White paper on crime 2010 Part7/Chapter3/Section1/1
Many homicide and injury causing death, etc. offenders lack awareness of the need to respect the lives and bodies of others and unaware of the significance of the damage they have caused to their victims. Increasing their sense of remorse by enabling them to recognize the significance of the damage they caused is therefore necessary in their reformation/rehabilitation. For this reason homicide and injury causing death, etc. offenders are currently being provided with guidance via “education from the victims' point of view” and an “atonement guidance program” as part of their correction and rehabilitation.
In addition, many homicide and injury causing death, etc. offenders have repeatedly committed violent offenses, therefore making correcting their violent tendencies necessary. Part of their rehabilitation treatment therefore involves a “violence prevention program” that is used to correct the violent tendencies of those who have repeatedly committed violent offenses, although not just limited to serious offenders (i.e. homicide and injury causing death, etc. offenders), and treatment for “designated violent offenders” improved/enhanced in preventing violent offenses from being repeated.
At penal institutions “education from the victims' point of view” has been implemented as part of special guidance for reform (See (2) of Subsection 3, Section 3, Chapter 4, part 2) for inmates that committed offenses that harmed the lives/bodies of others, including homicide and injury causing death, etc., and lack a sense of the need to apologize to their victims or the bereaved families in thus making them look back on the offenses they committed and recognize/understand the significance of the physical/mental damage they caused their victims and raise their sense of atonement for their victims, etc. and think about concrete methods of compensating, etc. them.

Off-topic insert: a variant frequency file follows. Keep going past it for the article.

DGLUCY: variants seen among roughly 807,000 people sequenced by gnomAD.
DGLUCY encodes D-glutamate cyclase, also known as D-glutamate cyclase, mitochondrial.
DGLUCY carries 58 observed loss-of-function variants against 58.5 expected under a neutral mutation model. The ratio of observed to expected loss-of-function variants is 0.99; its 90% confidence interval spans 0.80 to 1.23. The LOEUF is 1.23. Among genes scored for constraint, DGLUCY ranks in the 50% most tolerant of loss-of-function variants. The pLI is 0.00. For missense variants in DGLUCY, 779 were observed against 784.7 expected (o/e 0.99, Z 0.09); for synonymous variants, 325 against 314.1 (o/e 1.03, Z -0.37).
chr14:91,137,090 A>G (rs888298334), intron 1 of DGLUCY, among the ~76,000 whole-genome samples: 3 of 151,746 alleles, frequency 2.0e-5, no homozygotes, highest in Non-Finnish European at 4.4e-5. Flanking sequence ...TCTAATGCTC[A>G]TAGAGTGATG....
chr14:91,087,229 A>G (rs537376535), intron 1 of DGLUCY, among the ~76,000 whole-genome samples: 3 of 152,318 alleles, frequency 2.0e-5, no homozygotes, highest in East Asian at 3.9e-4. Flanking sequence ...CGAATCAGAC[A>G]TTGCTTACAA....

The guidance takes place once every one or two weeks. The standard guidance involves a unit that takes about 50 minutes to complete, with a total of 12 units being implemented. The guidance includes lectures by the officials of penal institutions and members of crime victim support organizations, etc., lectures by crime victims, etc. that convey the pain and the grief, etc. they were caused in their own voices, and methods in which inmates watch educational videos that convey the feelings of crime victims or read the memoirs of victims, etc. or literature that expresses the dignity of human life, after which the offenders then state their impressions or engage in group work and role lettering, etc. The group work involves eight or so inmates being assigned to a group and exchanging their experience and opinions, etc. under the guidance of officials, etc. of penal institutions with specialized knowledge in behavioral science in thus allowing them to realize the errors in their thinking, etc. Role lettering involves, for example, inmates being requested to write letters assumed to be sent to their crime victims, etc. and then writing responding letters from the point of view of those crime victims, etc. in thus deepening their understanding of what the crime victims actually feel.
Part of probation/parole supervision involves guidance that is based on an “atonement guidance program” being provided to probationers/parolees who killed or caused serious injury to their victims.